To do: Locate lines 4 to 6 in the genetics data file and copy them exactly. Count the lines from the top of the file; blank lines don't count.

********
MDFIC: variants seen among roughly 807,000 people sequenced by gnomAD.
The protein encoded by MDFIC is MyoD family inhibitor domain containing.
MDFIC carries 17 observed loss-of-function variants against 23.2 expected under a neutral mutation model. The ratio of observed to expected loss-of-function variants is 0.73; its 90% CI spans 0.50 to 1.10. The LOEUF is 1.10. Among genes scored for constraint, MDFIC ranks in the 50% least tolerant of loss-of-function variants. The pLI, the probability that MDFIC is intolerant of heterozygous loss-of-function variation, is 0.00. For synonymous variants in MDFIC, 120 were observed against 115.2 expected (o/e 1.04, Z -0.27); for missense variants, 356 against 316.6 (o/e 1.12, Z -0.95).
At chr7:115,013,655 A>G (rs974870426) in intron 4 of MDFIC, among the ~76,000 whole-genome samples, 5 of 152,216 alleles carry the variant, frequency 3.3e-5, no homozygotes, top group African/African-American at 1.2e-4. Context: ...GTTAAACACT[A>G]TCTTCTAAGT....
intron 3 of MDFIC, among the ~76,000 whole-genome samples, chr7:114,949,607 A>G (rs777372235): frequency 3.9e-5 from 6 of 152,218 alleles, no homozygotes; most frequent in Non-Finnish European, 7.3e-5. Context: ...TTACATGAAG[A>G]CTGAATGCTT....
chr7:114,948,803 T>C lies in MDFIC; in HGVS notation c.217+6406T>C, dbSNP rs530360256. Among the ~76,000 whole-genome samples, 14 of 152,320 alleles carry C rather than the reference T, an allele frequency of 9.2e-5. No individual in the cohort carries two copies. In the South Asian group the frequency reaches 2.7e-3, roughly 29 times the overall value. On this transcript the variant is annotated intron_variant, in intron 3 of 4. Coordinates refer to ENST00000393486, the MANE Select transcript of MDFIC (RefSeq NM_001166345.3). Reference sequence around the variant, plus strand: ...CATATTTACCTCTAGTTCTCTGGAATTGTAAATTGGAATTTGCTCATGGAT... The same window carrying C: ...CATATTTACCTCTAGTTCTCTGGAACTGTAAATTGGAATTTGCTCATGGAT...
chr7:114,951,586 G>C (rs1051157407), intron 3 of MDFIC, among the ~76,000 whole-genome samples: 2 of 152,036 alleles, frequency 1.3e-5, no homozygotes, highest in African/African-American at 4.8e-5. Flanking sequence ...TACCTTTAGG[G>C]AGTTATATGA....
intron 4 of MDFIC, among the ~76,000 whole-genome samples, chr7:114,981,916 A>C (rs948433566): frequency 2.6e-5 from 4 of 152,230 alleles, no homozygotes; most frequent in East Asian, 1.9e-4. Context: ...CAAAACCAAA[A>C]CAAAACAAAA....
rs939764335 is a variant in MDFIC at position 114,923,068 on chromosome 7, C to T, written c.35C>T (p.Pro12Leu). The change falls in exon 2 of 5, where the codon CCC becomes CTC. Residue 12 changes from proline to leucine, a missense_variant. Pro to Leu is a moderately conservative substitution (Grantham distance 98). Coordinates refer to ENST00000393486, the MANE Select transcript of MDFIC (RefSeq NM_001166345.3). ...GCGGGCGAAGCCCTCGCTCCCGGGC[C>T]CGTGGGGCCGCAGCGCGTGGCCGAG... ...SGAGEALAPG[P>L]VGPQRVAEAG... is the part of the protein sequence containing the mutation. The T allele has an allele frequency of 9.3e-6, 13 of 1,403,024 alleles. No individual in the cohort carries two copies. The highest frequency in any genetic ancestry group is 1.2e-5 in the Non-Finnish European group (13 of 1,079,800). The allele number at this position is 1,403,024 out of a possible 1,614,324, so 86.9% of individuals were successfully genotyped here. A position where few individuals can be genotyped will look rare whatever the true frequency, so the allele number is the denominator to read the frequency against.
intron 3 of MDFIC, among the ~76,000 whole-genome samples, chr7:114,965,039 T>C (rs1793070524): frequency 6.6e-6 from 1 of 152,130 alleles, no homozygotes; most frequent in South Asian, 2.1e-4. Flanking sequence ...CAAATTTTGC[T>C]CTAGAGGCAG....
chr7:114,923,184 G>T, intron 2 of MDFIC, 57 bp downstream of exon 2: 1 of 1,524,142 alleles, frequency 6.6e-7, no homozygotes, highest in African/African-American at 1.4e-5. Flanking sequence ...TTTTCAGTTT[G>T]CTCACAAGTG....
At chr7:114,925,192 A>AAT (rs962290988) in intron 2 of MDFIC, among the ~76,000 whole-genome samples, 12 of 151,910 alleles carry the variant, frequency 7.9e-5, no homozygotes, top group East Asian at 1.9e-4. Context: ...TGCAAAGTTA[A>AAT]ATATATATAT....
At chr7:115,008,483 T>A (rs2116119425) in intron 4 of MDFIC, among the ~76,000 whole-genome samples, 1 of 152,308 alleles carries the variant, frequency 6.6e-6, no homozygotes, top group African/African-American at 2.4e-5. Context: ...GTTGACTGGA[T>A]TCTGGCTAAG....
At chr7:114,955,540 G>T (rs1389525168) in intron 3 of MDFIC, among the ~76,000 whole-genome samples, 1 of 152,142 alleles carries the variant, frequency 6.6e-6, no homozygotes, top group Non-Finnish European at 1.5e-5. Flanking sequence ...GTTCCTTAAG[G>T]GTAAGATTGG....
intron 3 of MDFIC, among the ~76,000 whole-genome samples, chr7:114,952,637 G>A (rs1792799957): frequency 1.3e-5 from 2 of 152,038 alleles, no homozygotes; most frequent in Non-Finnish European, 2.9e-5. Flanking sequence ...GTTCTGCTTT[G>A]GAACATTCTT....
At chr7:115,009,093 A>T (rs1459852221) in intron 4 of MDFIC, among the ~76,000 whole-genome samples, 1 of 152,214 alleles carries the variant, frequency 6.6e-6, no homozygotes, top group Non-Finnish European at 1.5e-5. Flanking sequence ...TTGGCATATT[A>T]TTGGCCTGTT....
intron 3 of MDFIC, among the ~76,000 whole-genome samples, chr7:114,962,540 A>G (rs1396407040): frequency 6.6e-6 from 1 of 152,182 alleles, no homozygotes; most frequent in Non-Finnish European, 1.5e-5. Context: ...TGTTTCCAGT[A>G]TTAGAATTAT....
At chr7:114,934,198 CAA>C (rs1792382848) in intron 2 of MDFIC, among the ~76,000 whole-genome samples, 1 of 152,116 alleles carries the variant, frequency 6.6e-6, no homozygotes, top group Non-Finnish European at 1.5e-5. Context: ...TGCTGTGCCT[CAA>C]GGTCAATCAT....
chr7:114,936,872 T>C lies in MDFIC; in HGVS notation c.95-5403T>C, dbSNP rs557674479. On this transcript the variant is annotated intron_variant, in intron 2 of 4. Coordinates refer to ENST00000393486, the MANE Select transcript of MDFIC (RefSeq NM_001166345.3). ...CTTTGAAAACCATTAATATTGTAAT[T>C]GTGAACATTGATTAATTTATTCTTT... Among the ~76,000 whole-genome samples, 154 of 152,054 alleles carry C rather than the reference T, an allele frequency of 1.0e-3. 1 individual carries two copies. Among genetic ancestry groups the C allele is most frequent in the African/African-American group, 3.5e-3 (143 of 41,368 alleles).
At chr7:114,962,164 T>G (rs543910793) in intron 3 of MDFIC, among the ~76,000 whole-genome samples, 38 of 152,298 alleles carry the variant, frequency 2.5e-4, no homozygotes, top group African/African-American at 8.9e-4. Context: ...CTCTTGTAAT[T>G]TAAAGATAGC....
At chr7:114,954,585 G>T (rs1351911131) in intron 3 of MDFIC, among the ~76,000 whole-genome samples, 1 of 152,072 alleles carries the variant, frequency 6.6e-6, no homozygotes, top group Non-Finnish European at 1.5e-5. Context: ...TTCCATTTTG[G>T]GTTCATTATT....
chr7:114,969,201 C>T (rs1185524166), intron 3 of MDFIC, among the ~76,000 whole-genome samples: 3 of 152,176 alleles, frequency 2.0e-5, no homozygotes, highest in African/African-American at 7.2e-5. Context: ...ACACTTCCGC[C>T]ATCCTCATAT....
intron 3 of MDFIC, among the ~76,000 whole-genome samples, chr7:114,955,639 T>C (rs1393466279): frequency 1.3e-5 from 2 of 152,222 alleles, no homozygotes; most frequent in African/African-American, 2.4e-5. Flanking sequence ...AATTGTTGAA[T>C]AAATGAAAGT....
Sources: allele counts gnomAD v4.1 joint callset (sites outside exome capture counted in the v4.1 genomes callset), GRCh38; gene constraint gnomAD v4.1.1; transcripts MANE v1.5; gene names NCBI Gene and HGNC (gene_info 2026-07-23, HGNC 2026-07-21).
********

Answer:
At chr7:115,013,655 A>G (rs974870426) in intron 4 of MDFIC, among the ~76,000 whole-genome samples, 5 of 152,216 alleles carry the variant, frequency 3.3e-5, no homozygotes, top group African/African-American at 1.2e-4. Context: ...GTTAAACACT[A>G]TCTTCTAAGT....
intron 3 of MDFIC, among the ~76,000 whole-genome samples, chr7:114,949,607 A>G (rs777372235): frequency 3.9e-5 from 6 of 152,218 alleles, no homozygotes; most frequent in Non-Finnish European, 7.3e-5. Context: ...TTACATGAAG[A>G]CTGAATGCTT....
chr7:114,948,803 T>C lies in MDFIC; in HGVS notation c.217+6406T>C, dbSNP rs530360256. Among the ~76,000 whole-genome samples, 14 of 152,320 alleles carry C rather than the reference T, an allele frequency of 9.2e-5. No individual in the cohort carries two copies. In the South Asian group the frequency reaches 2.7e-3, roughly 29 times the overall value. On this transcript the variant is annotated intron_variant, in intron 3 of 4. Coordinates refer to ENST00000393486, the MANE Select transcript of MDFIC (RefSeq NM_001166345.3). Reference sequence around the variant, plus strand: ...CATATTTACCTCTAGTTCTCTGGAATTGTAAATTGGAATTTGCTCATGGAT... The same window carrying C: ...CATATTTACCTCTAGTTCTCTGGAACTGTAAATTGGAATTTGCTCATGGAT...